By Eleanor Russell
Any historian endeavouring to research an area of history must investigate its historiography (the scholarship of previous historians); not only using their evidence and arguments but analysing, revising, and, where appropriate, challenging them. For historians, this process can be fraught with tension and doubt: which texts do I need to read? Who has already been debunked? What are the prevailing arguments and when and how did they develop? And – crucial for PhD students – who CAN I challenge?
As a new PhD student, my biggest research challenge so far has been undertaking a far more in-depth engagement with my field than I had before. Previously, though I had been obliged to produce academically rigorous and innovative research, I was aware that it would neither be published nor be the determining factor in my hopes for an academic career.
The body of historiography can be vast, with trends that evolve over time as new sources are recovered and as contemporary socio-political situations (and thus the approach of historians) change. In the 1970s, for example, the rise of feminist scholarship launched investigations not only into women’s history but into the female experience in well-studied areas. A famous example is Joan Kelly’s 1977 article ‘Did Women Have a Renaissance?’. (Her answer: no). Similarly, the post-colonial period saw the emergence of a new branch of study, with radically different approaches and interests to the previously understood history of empire.
In some historical fields, the regular conflicts and tensions that run through historiography are amplified when a special significance (be it political, national, or personal) is attached to the topic being studied. Such is the case for my current area of study, the Hanseatic League. In Hanseatic scholarship, I soon learned that the League’s historical depiction as a defining element in German history meant that it would be impossible for me to leave out any of the number of significant works on the topic in order to be taken seriously academically.
The Hanseatic League, originally (from around the mid-thirteenth century) a loose partnership of merchants from a wide array of northern German and Baltic towns, and from the mid-fourteenth century a more united coalition, was created to promote commercial benefit and security. The League has been portrayed by German historians throughout the modern period as fundamental to the history of their country.
In the late eighteenth and nineteenth centuries, the prosperity and international power of a German coalition began to attract attention as the idea of German ‘national history’ developed. Relatively understudied areas were suddenly politicised and came to the forefront of German scholarship as they were woven into a unifying German historical myth by contemporary authors. Northern German burghers were portrayed as the ancestors of the successes and values of the nineteenth-century German middle-class. The Hanseatic League, previously seen as backward and unimportant compared to the flourishing towns of southern Germany, was transformed into the leading German player in European economic development. As nationalism increased and a single German state was forged in 1871, the Hanse’s domination of the Baltic was increasingly emphasized as German historians sought to justify the German claim to Schleswig-Holstein and to promote the country’s maritime expansion.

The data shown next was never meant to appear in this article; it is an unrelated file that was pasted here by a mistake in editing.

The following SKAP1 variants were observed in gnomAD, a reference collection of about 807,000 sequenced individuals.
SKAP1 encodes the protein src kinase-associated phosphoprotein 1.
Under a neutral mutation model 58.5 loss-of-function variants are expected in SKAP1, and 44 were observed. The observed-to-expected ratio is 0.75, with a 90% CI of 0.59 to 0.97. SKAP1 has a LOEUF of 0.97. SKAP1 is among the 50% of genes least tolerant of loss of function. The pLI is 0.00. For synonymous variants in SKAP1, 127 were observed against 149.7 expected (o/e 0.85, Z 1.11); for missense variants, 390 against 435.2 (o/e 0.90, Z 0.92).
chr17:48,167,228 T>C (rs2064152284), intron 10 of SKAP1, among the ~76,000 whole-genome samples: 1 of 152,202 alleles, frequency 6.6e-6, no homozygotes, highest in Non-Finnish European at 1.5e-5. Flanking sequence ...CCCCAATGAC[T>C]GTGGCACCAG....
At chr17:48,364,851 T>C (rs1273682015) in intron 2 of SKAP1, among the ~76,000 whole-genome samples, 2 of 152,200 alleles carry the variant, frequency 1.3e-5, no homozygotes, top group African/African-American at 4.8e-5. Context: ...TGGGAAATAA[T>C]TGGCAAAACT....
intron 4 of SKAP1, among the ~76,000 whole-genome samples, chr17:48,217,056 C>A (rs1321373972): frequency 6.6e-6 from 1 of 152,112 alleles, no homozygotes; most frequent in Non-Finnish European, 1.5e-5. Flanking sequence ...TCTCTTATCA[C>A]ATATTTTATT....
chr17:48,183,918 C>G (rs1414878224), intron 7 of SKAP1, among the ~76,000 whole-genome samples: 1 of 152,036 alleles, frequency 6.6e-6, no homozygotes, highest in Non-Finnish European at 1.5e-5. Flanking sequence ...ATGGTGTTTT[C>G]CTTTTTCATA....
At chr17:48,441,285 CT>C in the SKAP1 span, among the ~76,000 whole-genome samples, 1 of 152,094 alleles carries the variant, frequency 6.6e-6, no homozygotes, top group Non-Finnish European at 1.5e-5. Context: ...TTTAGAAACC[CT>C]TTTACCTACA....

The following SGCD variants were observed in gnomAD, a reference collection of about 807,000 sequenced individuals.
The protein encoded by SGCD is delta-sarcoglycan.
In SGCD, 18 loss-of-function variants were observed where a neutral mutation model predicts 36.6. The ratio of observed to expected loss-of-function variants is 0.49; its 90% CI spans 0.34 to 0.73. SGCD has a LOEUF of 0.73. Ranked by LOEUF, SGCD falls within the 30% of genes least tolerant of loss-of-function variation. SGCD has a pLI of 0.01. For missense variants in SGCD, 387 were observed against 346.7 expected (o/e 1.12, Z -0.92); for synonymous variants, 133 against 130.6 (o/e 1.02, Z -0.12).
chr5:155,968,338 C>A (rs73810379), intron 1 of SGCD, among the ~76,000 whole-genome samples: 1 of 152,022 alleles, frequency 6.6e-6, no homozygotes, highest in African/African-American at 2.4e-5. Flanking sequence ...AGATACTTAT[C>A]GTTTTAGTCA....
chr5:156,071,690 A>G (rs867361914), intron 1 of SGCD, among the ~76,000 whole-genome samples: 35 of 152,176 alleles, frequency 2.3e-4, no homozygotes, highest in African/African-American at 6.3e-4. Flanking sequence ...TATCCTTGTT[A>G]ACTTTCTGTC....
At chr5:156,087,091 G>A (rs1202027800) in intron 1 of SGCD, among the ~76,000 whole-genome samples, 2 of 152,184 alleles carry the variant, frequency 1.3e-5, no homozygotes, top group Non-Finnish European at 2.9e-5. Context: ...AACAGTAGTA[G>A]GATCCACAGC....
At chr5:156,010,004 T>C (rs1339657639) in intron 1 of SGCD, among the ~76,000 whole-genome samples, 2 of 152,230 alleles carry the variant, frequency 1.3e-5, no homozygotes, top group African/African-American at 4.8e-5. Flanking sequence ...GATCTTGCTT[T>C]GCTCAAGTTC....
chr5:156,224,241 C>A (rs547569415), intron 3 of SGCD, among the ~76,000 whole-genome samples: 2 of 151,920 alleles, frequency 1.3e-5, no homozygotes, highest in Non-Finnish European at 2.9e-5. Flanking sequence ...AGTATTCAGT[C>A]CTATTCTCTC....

The next significant change was the work of Fritz Rörig, who in his ‘Die Europäische Stadt‘ (1932) and Mittelalterliche Weltwirtschaft (1933), refigured the Hanse into a leading player in the economic and social development of Europe. Rörig’s approach illuminates the importance of contemporary socio-political contexts in understanding historical approaches. In his ‘Recent Trends in Research on Hanseatic History’ (1956), the eminent Hanseatic scholar A. von Brandt summarized Rörig’s argument without addressing the contemporary movements that birthed Rörig’s arguments, namely Lebensraum and Nazi ideas of the superiority of the German race. During the Cold War, opposing bodies of national thought emerged in East and West Germany. East Germany, which contained most the Wendish towns and shared USSR overlordship with the towns in Hanseatic Prussia and Livonia, produced largely Marxist scholarship. Attention was paid to the perceived class struggle of an uprising in Lübeck in 1408, when the patrician council was forced to appoint a committee promoting guild representation that was later thrown out by the New Council. This was ousted in turn by pressure from the Holy Roman Emperor.
Without the understanding of contemporary theoretical and socio-political frameworks around which historians construct their arguments, current historians overlook a major factor in the progression of historical scholarship. The co-option of areas of history by variously politically-minded scholars means that for PhD students, studying politically charged topics becomes an analysis of the socio-political contexts, agendas, and anxieties of the historians as much as it is an investigation of the historical context in which they sought to find an example par excellence of their contemporary views.
von Brandt, A., ‘Recent Trends in Research on Hanseatic History’. History 41/141-143 (1956), pp. 35-37
Rörig, Fritz, The Medieval Town (Batsford, 1967)
Wubs-Mrozewicz, Justyna, and Stuart Jenks, The Hanse in Medieval and Early Modern Europe (Leiden, 2012)
‘Bildnis eines jungen Kaufmannes’/‘Portrait of a Young Businessman’, Hans Holbein the Younger, (1541). Image courtesy of the Kunsthistoriches Museum Wien Bilddatenbank.